By Erica Wright
The Birmingham Times
Birmingham Promise — which provides funds for tuition and work experience for city students entering Alabama’s public two-year and four-year colleges and universities — on Wednesday announced a $300,000 contribution from AT&T.
Rachel Harmon, executive director of Birmingham Promise, Mayor Randall Woodfin and Wayne Hutchens, President of AT&T Alabama announced the partnership which will help support education for Birmingham students.
“This contribution will go a long way building ties between our business community, our academic partners and our students,” Woodfin said. “Hundreds of other juniors and seniors have taken advantage of the promise’s apprenticeship program. These are the seeds of a healthy, thriving workforce and something we must continue to invest in.”
The Birmingham Promise Initiative creates post-secondary opportunities and apprenticeships for BCS students and has two tracks: tuition assistance that covers college and apprenticeships; and career experience to prepare students for post-graduation opportunities.
Hutchens said AT&T believes in Birmingham and “we are focused on making sure Birmingham youth have an opportunity to succeed and to make their academic dreams become reality.”
He added that Birmingham Promise is an example of how connecting people has always “been part of our DNA. For nearly a century and a half, we have been connecting people with each other, opportunities and with the future. Technology has changed… but our commitment remains and like Mayor Woodfin, we believe in Birmingham and [are] inspired by a commitment to equity and opportunity . . . working to equip our youth with the education and tools to secure a better future.”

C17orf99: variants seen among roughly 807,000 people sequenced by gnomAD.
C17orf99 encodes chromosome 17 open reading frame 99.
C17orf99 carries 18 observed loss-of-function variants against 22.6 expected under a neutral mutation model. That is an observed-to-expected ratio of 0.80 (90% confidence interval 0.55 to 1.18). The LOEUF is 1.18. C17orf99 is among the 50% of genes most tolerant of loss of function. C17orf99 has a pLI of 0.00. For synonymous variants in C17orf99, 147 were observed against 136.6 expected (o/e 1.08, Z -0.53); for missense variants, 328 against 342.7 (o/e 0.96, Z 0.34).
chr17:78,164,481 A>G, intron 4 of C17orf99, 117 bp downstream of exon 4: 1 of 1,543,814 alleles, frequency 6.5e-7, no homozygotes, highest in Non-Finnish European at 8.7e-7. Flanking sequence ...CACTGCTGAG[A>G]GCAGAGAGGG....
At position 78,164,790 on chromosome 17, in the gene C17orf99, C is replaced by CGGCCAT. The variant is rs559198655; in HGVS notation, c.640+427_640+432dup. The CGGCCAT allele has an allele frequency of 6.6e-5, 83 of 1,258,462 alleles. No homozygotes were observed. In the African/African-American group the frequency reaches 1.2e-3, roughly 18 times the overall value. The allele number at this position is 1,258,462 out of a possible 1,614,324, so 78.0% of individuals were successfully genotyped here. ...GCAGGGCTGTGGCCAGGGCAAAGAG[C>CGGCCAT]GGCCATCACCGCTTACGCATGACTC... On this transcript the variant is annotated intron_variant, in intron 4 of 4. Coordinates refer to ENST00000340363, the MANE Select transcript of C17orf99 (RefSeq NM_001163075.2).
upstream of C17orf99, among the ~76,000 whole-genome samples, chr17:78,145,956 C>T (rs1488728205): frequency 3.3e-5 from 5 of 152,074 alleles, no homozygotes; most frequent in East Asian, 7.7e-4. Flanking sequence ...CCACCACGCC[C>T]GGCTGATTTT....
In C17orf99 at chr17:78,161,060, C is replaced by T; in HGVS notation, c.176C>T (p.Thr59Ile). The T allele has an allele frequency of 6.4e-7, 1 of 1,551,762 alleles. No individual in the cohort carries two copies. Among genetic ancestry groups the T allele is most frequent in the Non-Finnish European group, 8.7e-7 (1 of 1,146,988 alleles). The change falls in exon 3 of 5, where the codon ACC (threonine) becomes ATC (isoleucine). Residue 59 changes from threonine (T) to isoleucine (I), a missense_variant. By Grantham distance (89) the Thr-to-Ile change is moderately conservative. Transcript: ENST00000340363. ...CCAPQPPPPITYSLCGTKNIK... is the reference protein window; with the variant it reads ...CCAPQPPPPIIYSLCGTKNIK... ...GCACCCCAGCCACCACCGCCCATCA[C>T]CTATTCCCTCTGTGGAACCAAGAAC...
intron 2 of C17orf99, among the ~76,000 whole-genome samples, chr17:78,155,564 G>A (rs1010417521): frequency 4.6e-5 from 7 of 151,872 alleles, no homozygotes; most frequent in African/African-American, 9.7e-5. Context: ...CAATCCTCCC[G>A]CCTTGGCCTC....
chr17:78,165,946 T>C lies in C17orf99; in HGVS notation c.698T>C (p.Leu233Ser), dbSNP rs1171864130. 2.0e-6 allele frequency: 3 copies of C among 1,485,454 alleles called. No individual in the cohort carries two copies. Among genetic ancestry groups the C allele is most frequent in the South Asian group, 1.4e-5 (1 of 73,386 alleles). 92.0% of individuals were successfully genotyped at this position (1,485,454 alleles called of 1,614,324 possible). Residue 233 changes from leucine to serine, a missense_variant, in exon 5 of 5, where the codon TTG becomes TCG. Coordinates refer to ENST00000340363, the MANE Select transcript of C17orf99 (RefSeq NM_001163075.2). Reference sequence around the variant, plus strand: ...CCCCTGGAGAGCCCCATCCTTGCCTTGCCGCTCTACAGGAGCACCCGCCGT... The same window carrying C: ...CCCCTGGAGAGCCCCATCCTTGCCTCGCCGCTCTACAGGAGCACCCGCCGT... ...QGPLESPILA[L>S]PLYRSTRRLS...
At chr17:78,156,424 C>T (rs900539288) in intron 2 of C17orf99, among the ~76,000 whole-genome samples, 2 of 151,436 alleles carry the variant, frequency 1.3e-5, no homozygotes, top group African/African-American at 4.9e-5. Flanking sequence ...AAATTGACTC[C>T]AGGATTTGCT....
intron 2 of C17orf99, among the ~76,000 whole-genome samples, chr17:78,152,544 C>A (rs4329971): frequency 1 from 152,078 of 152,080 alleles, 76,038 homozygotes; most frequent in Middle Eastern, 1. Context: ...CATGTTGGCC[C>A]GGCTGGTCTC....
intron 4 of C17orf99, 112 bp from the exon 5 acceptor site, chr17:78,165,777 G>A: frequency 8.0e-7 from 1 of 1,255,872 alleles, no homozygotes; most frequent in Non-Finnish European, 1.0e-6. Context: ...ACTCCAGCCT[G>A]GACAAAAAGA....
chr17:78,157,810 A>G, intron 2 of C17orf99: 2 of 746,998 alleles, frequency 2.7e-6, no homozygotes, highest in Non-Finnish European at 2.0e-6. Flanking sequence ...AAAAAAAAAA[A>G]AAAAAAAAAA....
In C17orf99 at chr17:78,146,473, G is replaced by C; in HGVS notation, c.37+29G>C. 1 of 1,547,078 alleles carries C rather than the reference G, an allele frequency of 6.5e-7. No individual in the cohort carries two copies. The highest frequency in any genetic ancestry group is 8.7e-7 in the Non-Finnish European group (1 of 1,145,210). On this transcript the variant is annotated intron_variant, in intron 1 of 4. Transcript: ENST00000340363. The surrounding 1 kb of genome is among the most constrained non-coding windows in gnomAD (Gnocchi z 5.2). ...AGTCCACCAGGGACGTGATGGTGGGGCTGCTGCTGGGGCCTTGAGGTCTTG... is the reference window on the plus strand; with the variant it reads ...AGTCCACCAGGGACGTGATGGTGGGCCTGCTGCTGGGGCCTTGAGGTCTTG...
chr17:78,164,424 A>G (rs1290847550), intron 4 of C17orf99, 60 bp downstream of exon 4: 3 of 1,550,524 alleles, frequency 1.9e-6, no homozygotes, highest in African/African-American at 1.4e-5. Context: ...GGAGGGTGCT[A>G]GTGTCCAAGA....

“When AT&T learned about the work that we were doing to enhance economic mobility through Birmingham Promise, they were eager to figure out how they could contribute,” Harmon said. “This is exactly the sort of corporate leadership that makes our community stronger and that makes the Promise work. We look forward to continuing this relationship and expanding our impact.”
John Collins, a recent graduate of Ramsay High School and a freshman at University of Alabama at Birmingham, said the apprenticeship program provided a number of benefits.
“The apprenticeship is just another opportunity to give students a chance to earn an income,” said Collins, an electrical engineering major who completed his apprenticeship with AutoTec, a local company that provides insurance and claims administration services for the automotive industry. “I really appreciate the Birmingham Promise being there and constantly asking us how things were going and staying up to date with everything because it gave me a lot of experience and exposure to the corporate scene. I really am not sure where else I would have gotten that and to be exposed to that as a senior in high school, it greatly impacted me.”
Collins, who said he plans to get a graduate degree in computer engineering once he completes undergrad, said he was moved by a visit Woodfin made to his high school last year.
“He addressed the fear that a lot of students had and that is paying for college. I just really appreciate everything that this does for myself, my family and as an older brother, it is good to know that my younger siblings also have a future. I’d like to thank Mayor Woodfin, AT&T, Birmingham Promise and thank you all for believing in us.”